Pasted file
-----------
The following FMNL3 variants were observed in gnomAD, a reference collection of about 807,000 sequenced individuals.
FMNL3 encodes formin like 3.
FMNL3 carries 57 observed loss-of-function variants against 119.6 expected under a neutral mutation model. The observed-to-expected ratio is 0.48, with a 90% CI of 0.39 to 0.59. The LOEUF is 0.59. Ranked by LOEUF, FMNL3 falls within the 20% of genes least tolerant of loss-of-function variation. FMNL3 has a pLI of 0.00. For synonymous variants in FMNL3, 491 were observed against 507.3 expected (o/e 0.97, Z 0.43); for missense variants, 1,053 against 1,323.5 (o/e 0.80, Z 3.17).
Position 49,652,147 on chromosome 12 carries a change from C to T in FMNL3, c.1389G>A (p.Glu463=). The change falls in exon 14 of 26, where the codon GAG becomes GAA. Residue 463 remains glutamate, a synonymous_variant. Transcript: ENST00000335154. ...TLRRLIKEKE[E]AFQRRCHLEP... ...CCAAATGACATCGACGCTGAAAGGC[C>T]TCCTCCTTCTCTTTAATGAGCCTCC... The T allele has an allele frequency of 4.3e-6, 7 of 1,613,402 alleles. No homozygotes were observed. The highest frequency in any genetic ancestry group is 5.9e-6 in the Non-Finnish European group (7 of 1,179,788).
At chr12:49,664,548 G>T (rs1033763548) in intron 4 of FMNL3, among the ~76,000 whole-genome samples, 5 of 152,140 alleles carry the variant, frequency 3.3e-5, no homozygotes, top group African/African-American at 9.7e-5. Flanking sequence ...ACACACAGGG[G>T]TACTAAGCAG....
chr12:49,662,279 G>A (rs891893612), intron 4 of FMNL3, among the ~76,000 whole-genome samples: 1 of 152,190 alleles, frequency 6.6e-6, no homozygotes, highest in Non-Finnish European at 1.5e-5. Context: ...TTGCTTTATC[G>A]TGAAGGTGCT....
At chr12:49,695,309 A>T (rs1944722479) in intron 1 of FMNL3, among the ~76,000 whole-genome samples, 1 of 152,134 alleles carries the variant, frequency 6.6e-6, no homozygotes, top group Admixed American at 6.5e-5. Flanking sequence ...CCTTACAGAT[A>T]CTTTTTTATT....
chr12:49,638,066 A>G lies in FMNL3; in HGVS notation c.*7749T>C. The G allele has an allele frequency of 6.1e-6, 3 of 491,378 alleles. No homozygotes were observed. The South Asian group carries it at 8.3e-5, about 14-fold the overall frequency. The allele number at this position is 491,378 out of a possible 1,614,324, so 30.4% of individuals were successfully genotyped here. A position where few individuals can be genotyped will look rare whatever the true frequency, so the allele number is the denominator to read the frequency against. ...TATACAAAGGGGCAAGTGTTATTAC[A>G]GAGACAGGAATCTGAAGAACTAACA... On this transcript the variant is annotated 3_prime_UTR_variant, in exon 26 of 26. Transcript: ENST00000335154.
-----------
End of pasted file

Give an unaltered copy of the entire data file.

The following FMNL3 variants were observed in gnomAD, a reference collection of about 807,000 sequenced individuals.
FMNL3 encodes formin like 3.
FMNL3 carries 57 observed loss-of-function variants against 119.6 expected under a neutral mutation model. The observed-to-expected ratio is 0.48, with a 90% CI of 0.39 to 0.59. The LOEUF is 0.59. Ranked by LOEUF, FMNL3 falls within the 20% of genes least tolerant of loss-of-function variation. FMNL3 has a pLI of 0.00. For synonymous variants in FMNL3, 491 were observed against 507.3 expected (o/e 0.97, Z 0.43); for missense variants, 1,053 against 1,323.5 (o/e 0.80, Z 3.17).
Position 49,652,147 on chromosome 12 carries a change from C to T in FMNL3, c.1389G>A (p.Glu463=). The change falls in exon 14 of 26, where the codon GAG becomes GAA. Residue 463 remains glutamate, a synonymous_variant. Transcript: ENST00000335154. ...TLRRLIKEKE[E]AFQRRCHLEP... ...CCAAATGACATCGACGCTGAAAGGC[C>T]TCCTCCTTCTCTTTAATGAGCCTCC... The T allele has an allele frequency of 4.3e-6, 7 of 1,613,402 alleles. No homozygotes were observed. The highest frequency in any genetic ancestry group is 5.9e-6 in the Non-Finnish European group (7 of 1,179,788).
At chr12:49,664,548 G>T (rs1033763548) in intron 4 of FMNL3, among the ~76,000 whole-genome samples, 5 of 152,140 alleles carry the variant, frequency 3.3e-5, no homozygotes, top group African/African-American at 9.7e-5. Flanking sequence ...ACACACAGGG[G>T]TACTAAGCAG....
chr12:49,662,279 G>A (rs891893612), intron 4 of FMNL3, among the ~76,000 whole-genome samples: 1 of 152,190 alleles, frequency 6.6e-6, no homozygotes, highest in Non-Finnish European at 1.5e-5. Context: ...TTGCTTTATC[G>A]TGAAGGTGCT....
At chr12:49,695,309 A>T (rs1944722479) in intron 1 of FMNL3, among the ~76,000 whole-genome samples, 1 of 152,134 alleles carries the variant, frequency 6.6e-6, no homozygotes, top group Admixed American at 6.5e-5. Flanking sequence ...CCTTACAGAT[A>T]CTTTTTTATT....
chr12:49,638,066 A>G lies in FMNL3; in HGVS notation c.*7749T>C. The G allele has an allele frequency of 6.1e-6, 3 of 491,378 alleles. No homozygotes were observed. The South Asian group carries it at 8.3e-5, about 14-fold the overall frequency. The allele number at this position is 491,378 out of a possible 1,614,324, so 30.4% of individuals were successfully genotyped here. A position where few individuals can be genotyped will look rare whatever the true frequency, so the allele number is the denominator to read the frequency against. ...TATACAAAGGGGCAAGTGTTATTAC[A>G]GAGACAGGAATCTGAAGAACTAACA... On this transcript the variant is annotated 3_prime_UTR_variant, in exon 26 of 26. Transcript: ENST00000335154.